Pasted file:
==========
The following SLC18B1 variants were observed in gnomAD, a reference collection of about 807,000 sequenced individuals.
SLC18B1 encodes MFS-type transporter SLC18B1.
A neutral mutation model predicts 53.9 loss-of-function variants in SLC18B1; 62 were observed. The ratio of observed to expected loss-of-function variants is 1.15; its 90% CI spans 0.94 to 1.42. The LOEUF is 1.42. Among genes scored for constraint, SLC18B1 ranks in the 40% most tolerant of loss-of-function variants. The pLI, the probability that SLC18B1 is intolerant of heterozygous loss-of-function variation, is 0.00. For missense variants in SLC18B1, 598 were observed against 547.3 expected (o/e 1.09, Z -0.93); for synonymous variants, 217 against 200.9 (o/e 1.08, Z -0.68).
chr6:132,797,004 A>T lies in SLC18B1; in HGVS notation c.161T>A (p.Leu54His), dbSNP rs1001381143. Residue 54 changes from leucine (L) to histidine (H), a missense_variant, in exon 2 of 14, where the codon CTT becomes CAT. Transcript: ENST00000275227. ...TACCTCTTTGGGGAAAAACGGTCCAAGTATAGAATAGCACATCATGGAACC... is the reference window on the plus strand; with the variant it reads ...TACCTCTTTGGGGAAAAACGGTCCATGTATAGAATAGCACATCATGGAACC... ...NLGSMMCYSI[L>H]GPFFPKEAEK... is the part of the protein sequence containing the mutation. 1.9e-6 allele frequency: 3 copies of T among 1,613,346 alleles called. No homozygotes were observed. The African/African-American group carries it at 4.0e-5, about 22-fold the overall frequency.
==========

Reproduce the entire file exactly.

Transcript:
The following SLC18B1 variants were observed in gnomAD, a reference collection of about 807,000 sequenced individuals.
SLC18B1 encodes MFS-type transporter SLC18B1.
A neutral mutation model predicts 53.9 loss-of-function variants in SLC18B1; 62 were observed. The ratio of observed to expected loss-of-function variants is 1.15; its 90% CI spans 0.94 to 1.42. The LOEUF is 1.42. Among genes scored for constraint, SLC18B1 ranks in the 40% most tolerant of loss-of-function variants. The pLI, the probability that SLC18B1 is intolerant of heterozygous loss-of-function variation, is 0.00. For missense variants in SLC18B1, 598 were observed against 547.3 expected (o/e 1.09, Z -0.93); for synonymous variants, 217 against 200.9 (o/e 1.08, Z -0.68).
chr6:132,797,004 A>T lies in SLC18B1; in HGVS notation c.161T>A (p.Leu54His), dbSNP rs1001381143. Residue 54 changes from leucine (L) to histidine (H), a missense_variant, in exon 2 of 14, where the codon CTT becomes CAT. Transcript: ENST00000275227. ...TACCTCTTTGGGGAAAAACGGTCCAAGTATAGAATAGCACATCATGGAACC... is the reference window on the plus strand; with the variant it reads ...TACCTCTTTGGGGAAAAACGGTCCATGTATAGAATAGCACATCATGGAACC... ...NLGSMMCYSI[L>H]GPFFPKEAEK... is the part of the protein sequence containing the mutation. 1.9e-6 allele frequency: 3 copies of T among 1,613,346 alleles called. No homozygotes were observed. The African/African-American group carries it at 4.0e-5, about 22-fold the overall frequency.